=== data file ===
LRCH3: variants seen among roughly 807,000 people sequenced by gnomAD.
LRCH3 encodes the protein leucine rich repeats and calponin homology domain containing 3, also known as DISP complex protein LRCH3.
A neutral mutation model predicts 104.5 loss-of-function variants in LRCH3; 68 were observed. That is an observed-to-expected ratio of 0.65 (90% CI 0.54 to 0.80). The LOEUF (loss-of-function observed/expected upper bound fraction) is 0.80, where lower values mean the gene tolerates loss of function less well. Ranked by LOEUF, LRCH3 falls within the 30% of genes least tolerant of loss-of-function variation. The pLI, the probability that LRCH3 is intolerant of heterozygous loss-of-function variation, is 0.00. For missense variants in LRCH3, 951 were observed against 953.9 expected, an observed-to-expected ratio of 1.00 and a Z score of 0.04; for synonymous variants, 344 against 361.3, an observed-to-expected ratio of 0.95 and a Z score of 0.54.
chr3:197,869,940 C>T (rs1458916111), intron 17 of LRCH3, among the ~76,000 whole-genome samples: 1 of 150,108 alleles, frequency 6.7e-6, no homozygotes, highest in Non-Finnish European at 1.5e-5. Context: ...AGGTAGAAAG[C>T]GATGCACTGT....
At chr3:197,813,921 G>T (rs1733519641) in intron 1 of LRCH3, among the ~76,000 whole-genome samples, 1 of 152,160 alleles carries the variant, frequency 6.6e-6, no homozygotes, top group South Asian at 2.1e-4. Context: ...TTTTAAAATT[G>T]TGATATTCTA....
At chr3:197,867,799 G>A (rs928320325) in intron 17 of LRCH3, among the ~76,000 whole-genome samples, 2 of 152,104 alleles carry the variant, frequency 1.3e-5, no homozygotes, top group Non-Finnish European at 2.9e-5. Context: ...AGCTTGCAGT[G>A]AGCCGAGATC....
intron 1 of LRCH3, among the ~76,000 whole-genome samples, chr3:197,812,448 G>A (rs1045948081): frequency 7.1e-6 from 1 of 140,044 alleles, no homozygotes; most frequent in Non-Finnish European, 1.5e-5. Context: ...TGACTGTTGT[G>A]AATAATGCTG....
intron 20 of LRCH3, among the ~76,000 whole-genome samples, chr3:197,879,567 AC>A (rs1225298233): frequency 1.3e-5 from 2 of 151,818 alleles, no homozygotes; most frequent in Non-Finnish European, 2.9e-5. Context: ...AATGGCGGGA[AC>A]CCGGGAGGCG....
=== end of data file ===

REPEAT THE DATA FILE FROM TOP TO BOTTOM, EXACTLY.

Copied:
LRCH3: variants seen among roughly 807,000 people sequenced by gnomAD.
LRCH3 encodes the protein leucine rich repeats and calponin homology domain containing 3, also known as DISP complex protein LRCH3.
A neutral mutation model predicts 104.5 loss-of-function variants in LRCH3; 68 were observed. That is an observed-to-expected ratio of 0.65 (90% CI 0.54 to 0.80). The LOEUF (loss-of-function observed/expected upper bound fraction) is 0.80, where lower values mean the gene tolerates loss of function less well. Ranked by LOEUF, LRCH3 falls within the 30% of genes least tolerant of loss-of-function variation. The pLI, the probability that LRCH3 is intolerant of heterozygous loss-of-function variation, is 0.00. For missense variants in LRCH3, 951 were observed against 953.9 expected, an observed-to-expected ratio of 1.00 and a Z score of 0.04; for synonymous variants, 344 against 361.3, an observed-to-expected ratio of 0.95 and a Z score of 0.54.
chr3:197,869,940 C>T (rs1458916111), intron 17 of LRCH3, among the ~76,000 whole-genome samples: 1 of 150,108 alleles, frequency 6.7e-6, no homozygotes, highest in Non-Finnish European at 1.5e-5. Context: ...AGGTAGAAAG[C>T]GATGCACTGT....
At chr3:197,813,921 G>T (rs1733519641) in intron 1 of LRCH3, among the ~76,000 whole-genome samples, 1 of 152,160 alleles carries the variant, frequency 6.6e-6, no homozygotes, top group South Asian at 2.1e-4. Context: ...TTTTAAAATT[G>T]TGATATTCTA....
At chr3:197,867,799 G>A (rs928320325) in intron 17 of LRCH3, among the ~76,000 whole-genome samples, 2 of 152,104 alleles carry the variant, frequency 1.3e-5, no homozygotes, top group Non-Finnish European at 2.9e-5. Context: ...AGCTTGCAGT[G>A]AGCCGAGATC....
intron 1 of LRCH3, among the ~76,000 whole-genome samples, chr3:197,812,448 G>A (rs1045948081): frequency 7.1e-6 from 1 of 140,044 alleles, no homozygotes; most frequent in Non-Finnish European, 1.5e-5. Context: ...TGACTGTTGT[G>A]AATAATGCTG....
intron 20 of LRCH3, among the ~76,000 whole-genome samples, chr3:197,879,567 AC>A (rs1225298233): frequency 1.3e-5 from 2 of 151,818 alleles, no homozygotes; most frequent in Non-Finnish European, 2.9e-5. Context: ...AATGGCGGGA[AC>A]CCGGGAGGCG....